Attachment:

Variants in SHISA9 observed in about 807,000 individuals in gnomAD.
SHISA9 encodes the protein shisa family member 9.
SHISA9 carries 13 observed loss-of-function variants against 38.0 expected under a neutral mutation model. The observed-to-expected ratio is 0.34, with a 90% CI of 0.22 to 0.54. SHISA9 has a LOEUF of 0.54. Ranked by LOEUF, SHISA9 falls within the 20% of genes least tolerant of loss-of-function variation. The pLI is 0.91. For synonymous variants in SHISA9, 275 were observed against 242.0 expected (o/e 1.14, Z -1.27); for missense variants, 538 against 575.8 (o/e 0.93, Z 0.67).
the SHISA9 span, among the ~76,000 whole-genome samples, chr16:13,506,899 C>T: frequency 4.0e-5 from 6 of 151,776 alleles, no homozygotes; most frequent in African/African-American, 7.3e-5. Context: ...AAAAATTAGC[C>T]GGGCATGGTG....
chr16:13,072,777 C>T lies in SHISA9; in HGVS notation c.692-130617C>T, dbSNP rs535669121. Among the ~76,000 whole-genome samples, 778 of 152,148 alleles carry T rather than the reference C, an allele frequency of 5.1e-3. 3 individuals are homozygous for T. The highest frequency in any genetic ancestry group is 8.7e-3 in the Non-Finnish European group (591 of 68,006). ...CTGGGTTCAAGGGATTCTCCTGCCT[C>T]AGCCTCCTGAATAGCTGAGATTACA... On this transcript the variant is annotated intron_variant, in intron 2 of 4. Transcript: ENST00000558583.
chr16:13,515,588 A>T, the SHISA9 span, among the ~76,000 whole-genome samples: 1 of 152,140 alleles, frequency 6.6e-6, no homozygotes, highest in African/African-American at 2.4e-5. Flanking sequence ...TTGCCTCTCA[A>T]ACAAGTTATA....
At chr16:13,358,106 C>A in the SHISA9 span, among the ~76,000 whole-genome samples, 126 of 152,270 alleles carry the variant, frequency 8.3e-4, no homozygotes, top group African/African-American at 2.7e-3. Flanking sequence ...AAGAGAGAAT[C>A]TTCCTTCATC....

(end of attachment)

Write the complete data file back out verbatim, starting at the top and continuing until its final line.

Variants in SHISA9 observed in about 807,000 individuals in gnomAD.
SHISA9 encodes the protein shisa family member 9.
SHISA9 carries 13 observed loss-of-function variants against 38.0 expected under a neutral mutation model. The observed-to-expected ratio is 0.34, with a 90% CI of 0.22 to 0.54. SHISA9 has a LOEUF of 0.54. Ranked by LOEUF, SHISA9 falls within the 20% of genes least tolerant of loss-of-function variation. The pLI is 0.91. For synonymous variants in SHISA9, 275 were observed against 242.0 expected (o/e 1.14, Z -1.27); for missense variants, 538 against 575.8 (o/e 0.93, Z 0.67).
the SHISA9 span, among the ~76,000 whole-genome samples, chr16:13,506,899 C>T: frequency 4.0e-5 from 6 of 151,776 alleles, no homozygotes; most frequent in African/African-American, 7.3e-5. Context: ...AAAAATTAGC[C>T]GGGCATGGTG....
chr16:13,072,777 C>T lies in SHISA9; in HGVS notation c.692-130617C>T, dbSNP rs535669121. Among the ~76,000 whole-genome samples, 778 of 152,148 alleles carry T rather than the reference C, an allele frequency of 5.1e-3. 3 individuals are homozygous for T. The highest frequency in any genetic ancestry group is 8.7e-3 in the Non-Finnish European group (591 of 68,006). ...CTGGGTTCAAGGGATTCTCCTGCCT[C>T]AGCCTCCTGAATAGCTGAGATTACA... On this transcript the variant is annotated intron_variant, in intron 2 of 4. Transcript: ENST00000558583.
chr16:13,515,588 A>T, the SHISA9 span, among the ~76,000 whole-genome samples: 1 of 152,140 alleles, frequency 6.6e-6, no homozygotes, highest in African/African-American at 2.4e-5. Flanking sequence ...TTGCCTCTCA[A>T]ACAAGTTATA....
At chr16:13,358,106 C>A in the SHISA9 span, among the ~76,000 whole-genome samples, 126 of 152,270 alleles carry the variant, frequency 8.3e-4, no homozygotes, top group African/African-American at 2.7e-3. Flanking sequence ...AAGAGAGAAT[C>A]TTCCTTCATC....